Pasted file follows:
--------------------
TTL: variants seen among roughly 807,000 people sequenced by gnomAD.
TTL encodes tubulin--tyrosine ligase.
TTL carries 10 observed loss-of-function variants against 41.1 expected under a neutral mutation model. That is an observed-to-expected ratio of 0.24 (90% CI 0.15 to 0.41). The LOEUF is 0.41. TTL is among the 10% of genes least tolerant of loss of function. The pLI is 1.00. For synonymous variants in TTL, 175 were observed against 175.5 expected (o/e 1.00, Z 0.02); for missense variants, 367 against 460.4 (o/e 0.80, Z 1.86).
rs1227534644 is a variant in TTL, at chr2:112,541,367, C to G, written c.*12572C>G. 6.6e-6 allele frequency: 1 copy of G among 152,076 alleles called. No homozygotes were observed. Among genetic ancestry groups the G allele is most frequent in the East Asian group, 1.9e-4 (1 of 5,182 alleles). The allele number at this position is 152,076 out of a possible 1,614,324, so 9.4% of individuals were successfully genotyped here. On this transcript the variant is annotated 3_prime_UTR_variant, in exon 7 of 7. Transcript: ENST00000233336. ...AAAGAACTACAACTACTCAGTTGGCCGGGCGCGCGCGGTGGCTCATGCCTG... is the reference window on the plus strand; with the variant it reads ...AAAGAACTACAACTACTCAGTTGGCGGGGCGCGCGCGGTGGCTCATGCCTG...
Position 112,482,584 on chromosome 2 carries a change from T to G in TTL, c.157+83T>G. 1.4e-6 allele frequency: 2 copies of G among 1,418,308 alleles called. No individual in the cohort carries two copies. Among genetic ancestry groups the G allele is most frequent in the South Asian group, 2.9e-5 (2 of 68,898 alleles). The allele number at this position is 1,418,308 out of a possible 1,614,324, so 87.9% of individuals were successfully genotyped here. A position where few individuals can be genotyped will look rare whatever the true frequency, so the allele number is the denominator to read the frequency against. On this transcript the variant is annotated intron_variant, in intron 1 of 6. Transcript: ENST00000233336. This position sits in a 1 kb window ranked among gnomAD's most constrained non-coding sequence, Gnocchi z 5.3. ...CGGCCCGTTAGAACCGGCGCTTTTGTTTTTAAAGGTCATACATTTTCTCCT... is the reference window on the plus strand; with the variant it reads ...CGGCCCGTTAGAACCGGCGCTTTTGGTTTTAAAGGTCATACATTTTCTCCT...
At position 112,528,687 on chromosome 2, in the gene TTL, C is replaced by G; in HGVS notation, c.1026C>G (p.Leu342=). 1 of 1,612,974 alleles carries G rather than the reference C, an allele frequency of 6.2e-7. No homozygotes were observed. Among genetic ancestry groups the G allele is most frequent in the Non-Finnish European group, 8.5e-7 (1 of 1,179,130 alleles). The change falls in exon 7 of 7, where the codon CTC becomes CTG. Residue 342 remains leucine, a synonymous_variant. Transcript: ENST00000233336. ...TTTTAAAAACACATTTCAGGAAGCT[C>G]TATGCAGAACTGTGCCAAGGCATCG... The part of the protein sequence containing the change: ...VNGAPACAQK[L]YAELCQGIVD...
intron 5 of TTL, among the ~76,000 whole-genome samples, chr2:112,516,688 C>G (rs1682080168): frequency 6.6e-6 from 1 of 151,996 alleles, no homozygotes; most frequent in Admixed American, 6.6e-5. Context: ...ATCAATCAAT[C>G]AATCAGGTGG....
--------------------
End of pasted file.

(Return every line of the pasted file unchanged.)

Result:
TTL: variants seen among roughly 807,000 people sequenced by gnomAD.
TTL encodes tubulin--tyrosine ligase.
TTL carries 10 observed loss-of-function variants against 41.1 expected under a neutral mutation model. That is an observed-to-expected ratio of 0.24 (90% CI 0.15 to 0.41). The LOEUF is 0.41. TTL is among the 10% of genes least tolerant of loss of function. The pLI is 1.00. For synonymous variants in TTL, 175 were observed against 175.5 expected (o/e 1.00, Z 0.02); for missense variants, 367 against 460.4 (o/e 0.80, Z 1.86).
rs1227534644 is a variant in TTL, at chr2:112,541,367, C to G, written c.*12572C>G. 6.6e-6 allele frequency: 1 copy of G among 152,076 alleles called. No homozygotes were observed. Among genetic ancestry groups the G allele is most frequent in the East Asian group, 1.9e-4 (1 of 5,182 alleles). The allele number at this position is 152,076 out of a possible 1,614,324, so 9.4% of individuals were successfully genotyped here. On this transcript the variant is annotated 3_prime_UTR_variant, in exon 7 of 7. Transcript: ENST00000233336. ...AAAGAACTACAACTACTCAGTTGGCCGGGCGCGCGCGGTGGCTCATGCCTG... is the reference window on the plus strand; with the variant it reads ...AAAGAACTACAACTACTCAGTTGGCGGGGCGCGCGCGGTGGCTCATGCCTG...
Position 112,482,584 on chromosome 2 carries a change from T to G in TTL, c.157+83T>G. 1.4e-6 allele frequency: 2 copies of G among 1,418,308 alleles called. No individual in the cohort carries two copies. Among genetic ancestry groups the G allele is most frequent in the South Asian group, 2.9e-5 (2 of 68,898 alleles). The allele number at this position is 1,418,308 out of a possible 1,614,324, so 87.9% of individuals were successfully genotyped here. A position where few individuals can be genotyped will look rare whatever the true frequency, so the allele number is the denominator to read the frequency against. On this transcript the variant is annotated intron_variant, in intron 1 of 6. Transcript: ENST00000233336. This position sits in a 1 kb window ranked among gnomAD's most constrained non-coding sequence, Gnocchi z 5.3. ...CGGCCCGTTAGAACCGGCGCTTTTGTTTTTAAAGGTCATACATTTTCTCCT... is the reference window on the plus strand; with the variant it reads ...CGGCCCGTTAGAACCGGCGCTTTTGGTTTTAAAGGTCATACATTTTCTCCT...
At position 112,528,687 on chromosome 2, in the gene TTL, C is replaced by G; in HGVS notation, c.1026C>G (p.Leu342=). 1 of 1,612,974 alleles carries G rather than the reference C, an allele frequency of 6.2e-7. No homozygotes were observed. Among genetic ancestry groups the G allele is most frequent in the Non-Finnish European group, 8.5e-7 (1 of 1,179,130 alleles). The change falls in exon 7 of 7, where the codon CTC becomes CTG. Residue 342 remains leucine, a synonymous_variant. Transcript: ENST00000233336. ...TTTTAAAAACACATTTCAGGAAGCT[C>G]TATGCAGAACTGTGCCAAGGCATCG... The part of the protein sequence containing the change: ...VNGAPACAQK[L]YAELCQGIVD...
intron 5 of TTL, among the ~76,000 whole-genome samples, chr2:112,516,688 C>G (rs1682080168): frequency 6.6e-6 from 1 of 151,996 alleles, no homozygotes; most frequent in Admixed American, 6.6e-5. Context: ...ATCAATCAAT[C>G]AATCAGGTGG....